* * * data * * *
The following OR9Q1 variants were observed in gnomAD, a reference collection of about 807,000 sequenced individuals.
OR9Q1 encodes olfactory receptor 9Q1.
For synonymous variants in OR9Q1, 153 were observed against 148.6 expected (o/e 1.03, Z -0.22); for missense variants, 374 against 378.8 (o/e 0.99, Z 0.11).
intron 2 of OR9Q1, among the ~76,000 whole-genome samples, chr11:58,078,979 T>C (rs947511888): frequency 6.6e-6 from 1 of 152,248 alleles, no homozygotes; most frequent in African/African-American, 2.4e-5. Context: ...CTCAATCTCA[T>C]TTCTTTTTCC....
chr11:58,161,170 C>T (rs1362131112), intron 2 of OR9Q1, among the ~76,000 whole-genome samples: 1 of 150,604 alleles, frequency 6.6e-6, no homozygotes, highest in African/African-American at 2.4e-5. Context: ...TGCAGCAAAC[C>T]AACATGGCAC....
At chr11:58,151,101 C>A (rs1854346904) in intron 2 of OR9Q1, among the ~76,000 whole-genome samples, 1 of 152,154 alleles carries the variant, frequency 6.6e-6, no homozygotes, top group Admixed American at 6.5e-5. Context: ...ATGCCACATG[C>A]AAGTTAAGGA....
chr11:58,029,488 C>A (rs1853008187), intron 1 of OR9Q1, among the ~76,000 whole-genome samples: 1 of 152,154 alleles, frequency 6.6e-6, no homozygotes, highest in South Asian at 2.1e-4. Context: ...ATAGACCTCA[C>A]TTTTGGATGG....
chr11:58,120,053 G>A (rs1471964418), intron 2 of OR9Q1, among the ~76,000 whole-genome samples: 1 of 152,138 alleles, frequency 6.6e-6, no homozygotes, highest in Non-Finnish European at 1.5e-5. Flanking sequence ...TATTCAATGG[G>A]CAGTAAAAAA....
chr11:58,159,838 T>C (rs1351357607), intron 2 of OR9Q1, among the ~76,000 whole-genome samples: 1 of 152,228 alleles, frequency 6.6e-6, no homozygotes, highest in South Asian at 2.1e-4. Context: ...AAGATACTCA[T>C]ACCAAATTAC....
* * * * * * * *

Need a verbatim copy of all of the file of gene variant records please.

The following OR9Q1 variants were observed in gnomAD, a reference collection of about 807,000 sequenced individuals.
OR9Q1 encodes olfactory receptor 9Q1.
For synonymous variants in OR9Q1, 153 were observed against 148.6 expected (o/e 1.03, Z -0.22); for missense variants, 374 against 378.8 (o/e 0.99, Z 0.11).
intron 2 of OR9Q1, among the ~76,000 whole-genome samples, chr11:58,078,979 T>C (rs947511888): frequency 6.6e-6 from 1 of 152,248 alleles, no homozygotes; most frequent in African/African-American, 2.4e-5. Context: ...CTCAATCTCA[T>C]TTCTTTTTCC....
chr11:58,161,170 C>T (rs1362131112), intron 2 of OR9Q1, among the ~76,000 whole-genome samples: 1 of 150,604 alleles, frequency 6.6e-6, no homozygotes, highest in African/African-American at 2.4e-5. Context: ...TGCAGCAAAC[C>T]AACATGGCAC....
At chr11:58,151,101 C>A (rs1854346904) in intron 2 of OR9Q1, among the ~76,000 whole-genome samples, 1 of 152,154 alleles carries the variant, frequency 6.6e-6, no homozygotes, top group Admixed American at 6.5e-5. Context: ...ATGCCACATG[C>A]AAGTTAAGGA....
chr11:58,029,488 C>A (rs1853008187), intron 1 of OR9Q1, among the ~76,000 whole-genome samples: 1 of 152,154 alleles, frequency 6.6e-6, no homozygotes, highest in South Asian at 2.1e-4. Context: ...ATAGACCTCA[C>A]TTTTGGATGG....
chr11:58,120,053 G>A (rs1471964418), intron 2 of OR9Q1, among the ~76,000 whole-genome samples: 1 of 152,138 alleles, frequency 6.6e-6, no homozygotes, highest in Non-Finnish European at 1.5e-5. Flanking sequence ...TATTCAATGG[G>A]CAGTAAAAAA....
chr11:58,159,838 T>C (rs1351357607), intron 2 of OR9Q1, among the ~76,000 whole-genome samples: 1 of 152,228 alleles, frequency 6.6e-6, no homozygotes, highest in South Asian at 2.1e-4. Context: ...AAGATACTCA[T>C]ACCAAATTAC....